Senator Gregg Agrees to Submit Request for Data on Stock Returns to Social Security Administration
For Immediate Release: February 22, 1999
Senator Gregg agreed to submit a request for detailed projections of stock returns to the Social Security Administration after a month-long exchange with Dean Baker and Mark Weisbrot.
Senator Gregg agreed to submit the request after he acknowledged that he does not have a set of projections for the components of stock returns (dividends and capital gains) that has the same level of specificity as the other projections (e.g. wage growth, population growth, life expectancy) that appear in the Social Security Trustees Report (pp. 57-61).
The exchange with Senator Gregg was initiated last month, when Baker and Weisbrot challenged all the members of the House and Senate who have supported Social Security privatization plans to produce a set of projections for the components of stock returns that will support the 7.0 percent real returns assumed in these plans, and which is consistent with the other projections made by the Social Security Trustees. This challenge has more recently been extended to Treasury Secretary Robert Rubin and Janet Yellen, the Chair of the President's Council of Economic Advisors, since the President's Social Security proposal also relies on high returns from the stock market.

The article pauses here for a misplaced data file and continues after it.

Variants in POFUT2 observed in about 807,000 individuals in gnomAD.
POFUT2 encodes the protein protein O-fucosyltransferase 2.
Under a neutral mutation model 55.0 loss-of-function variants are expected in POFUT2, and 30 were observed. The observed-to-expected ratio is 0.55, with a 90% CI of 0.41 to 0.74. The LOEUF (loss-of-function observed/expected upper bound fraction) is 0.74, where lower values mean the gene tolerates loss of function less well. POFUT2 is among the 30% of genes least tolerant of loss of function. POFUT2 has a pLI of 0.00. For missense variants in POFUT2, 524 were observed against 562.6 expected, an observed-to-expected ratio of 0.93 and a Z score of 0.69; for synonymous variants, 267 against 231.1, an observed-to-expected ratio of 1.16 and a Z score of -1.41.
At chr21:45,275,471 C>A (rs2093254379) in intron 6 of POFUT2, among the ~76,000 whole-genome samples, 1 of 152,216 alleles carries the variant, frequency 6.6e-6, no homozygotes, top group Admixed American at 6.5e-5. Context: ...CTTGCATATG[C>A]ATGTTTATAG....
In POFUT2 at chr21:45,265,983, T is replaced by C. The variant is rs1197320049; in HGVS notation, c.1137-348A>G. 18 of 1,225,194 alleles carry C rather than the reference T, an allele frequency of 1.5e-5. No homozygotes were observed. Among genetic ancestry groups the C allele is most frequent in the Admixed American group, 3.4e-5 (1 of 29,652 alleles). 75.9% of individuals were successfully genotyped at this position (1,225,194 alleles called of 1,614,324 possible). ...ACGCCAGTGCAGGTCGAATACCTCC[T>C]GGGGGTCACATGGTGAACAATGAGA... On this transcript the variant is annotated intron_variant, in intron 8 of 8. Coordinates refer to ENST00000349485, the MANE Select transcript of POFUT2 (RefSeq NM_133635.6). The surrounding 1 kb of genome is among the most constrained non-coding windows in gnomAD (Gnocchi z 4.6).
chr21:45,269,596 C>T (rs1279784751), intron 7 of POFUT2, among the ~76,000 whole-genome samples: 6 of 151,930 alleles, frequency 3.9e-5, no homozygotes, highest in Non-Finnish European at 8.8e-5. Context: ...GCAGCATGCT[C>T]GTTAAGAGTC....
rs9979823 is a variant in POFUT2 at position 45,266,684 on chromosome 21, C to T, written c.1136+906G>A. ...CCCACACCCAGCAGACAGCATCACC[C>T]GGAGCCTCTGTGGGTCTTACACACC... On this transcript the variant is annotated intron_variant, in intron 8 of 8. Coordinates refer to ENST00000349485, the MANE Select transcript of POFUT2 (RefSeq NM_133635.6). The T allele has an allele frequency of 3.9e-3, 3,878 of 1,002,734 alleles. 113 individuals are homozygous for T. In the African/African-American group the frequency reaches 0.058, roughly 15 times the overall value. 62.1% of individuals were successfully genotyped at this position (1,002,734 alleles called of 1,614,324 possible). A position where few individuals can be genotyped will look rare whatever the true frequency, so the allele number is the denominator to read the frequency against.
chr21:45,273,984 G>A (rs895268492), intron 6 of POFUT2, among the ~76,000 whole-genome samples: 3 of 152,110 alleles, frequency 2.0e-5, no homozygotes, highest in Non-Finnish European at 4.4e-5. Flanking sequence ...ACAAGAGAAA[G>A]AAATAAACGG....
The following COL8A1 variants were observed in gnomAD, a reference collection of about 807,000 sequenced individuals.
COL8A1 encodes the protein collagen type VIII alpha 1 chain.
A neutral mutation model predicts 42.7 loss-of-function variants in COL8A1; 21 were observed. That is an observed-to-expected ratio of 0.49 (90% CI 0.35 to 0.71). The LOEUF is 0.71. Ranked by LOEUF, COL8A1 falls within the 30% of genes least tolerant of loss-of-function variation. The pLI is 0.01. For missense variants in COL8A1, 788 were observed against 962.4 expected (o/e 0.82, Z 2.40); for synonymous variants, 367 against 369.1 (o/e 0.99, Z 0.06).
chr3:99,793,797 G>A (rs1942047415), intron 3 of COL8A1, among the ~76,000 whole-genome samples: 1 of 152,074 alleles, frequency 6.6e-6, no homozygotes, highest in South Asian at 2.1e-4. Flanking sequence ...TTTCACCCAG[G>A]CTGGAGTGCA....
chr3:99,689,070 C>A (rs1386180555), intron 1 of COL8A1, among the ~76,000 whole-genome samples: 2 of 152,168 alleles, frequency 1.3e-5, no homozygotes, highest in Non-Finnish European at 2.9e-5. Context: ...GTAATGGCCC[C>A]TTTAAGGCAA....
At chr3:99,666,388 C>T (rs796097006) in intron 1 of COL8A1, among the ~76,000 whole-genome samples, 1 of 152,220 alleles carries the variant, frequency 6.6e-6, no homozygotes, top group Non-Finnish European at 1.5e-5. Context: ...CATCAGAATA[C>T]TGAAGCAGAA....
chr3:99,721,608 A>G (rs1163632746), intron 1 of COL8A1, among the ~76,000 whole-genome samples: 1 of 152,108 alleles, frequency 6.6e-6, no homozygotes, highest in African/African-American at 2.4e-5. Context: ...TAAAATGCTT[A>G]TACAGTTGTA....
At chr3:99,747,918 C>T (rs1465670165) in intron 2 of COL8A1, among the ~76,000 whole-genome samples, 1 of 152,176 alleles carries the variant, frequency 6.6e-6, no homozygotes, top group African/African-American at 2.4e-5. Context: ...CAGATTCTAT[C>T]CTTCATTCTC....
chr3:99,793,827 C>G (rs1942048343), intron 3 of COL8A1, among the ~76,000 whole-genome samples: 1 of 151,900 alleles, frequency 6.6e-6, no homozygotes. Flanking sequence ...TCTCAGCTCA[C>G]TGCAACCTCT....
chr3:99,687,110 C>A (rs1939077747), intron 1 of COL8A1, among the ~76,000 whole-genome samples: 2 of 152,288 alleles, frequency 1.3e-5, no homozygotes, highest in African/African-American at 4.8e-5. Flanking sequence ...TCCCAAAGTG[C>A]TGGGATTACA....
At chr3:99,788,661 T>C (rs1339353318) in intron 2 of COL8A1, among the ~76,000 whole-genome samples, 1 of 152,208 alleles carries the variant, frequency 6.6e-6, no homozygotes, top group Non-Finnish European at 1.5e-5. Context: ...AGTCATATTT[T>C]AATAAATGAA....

Baker and Weisbrot argue that it is impossible to produce such projections because the 6.75-7.0 percent real returns assumed by advocates of investing in the stock market are inconsistent with the 1.5 percentage growth rate for the economy and profits assumed by the Social Security Trustees. They argue that a 3.5 percent return on stocks is more consistent with the current dividend payout rate and projected growth of the economy (2.0 percent dividend payout and 1.5 percent growth of the economy and profits). The difference between a 3.5 percent rate of return on stocks and the higher returns assumed by advocates of privatization could have an enormous impact on the retirement income provided by an individual account.
Baker and Weisbrot commended Senator Gregg for agreeing to pass along a request for projections of stock returns to the Social Security Administration: "If your intervention results in the adoption of more realistic assumptions about stock returns, you will have made a tremendously valuable contribution to the debate."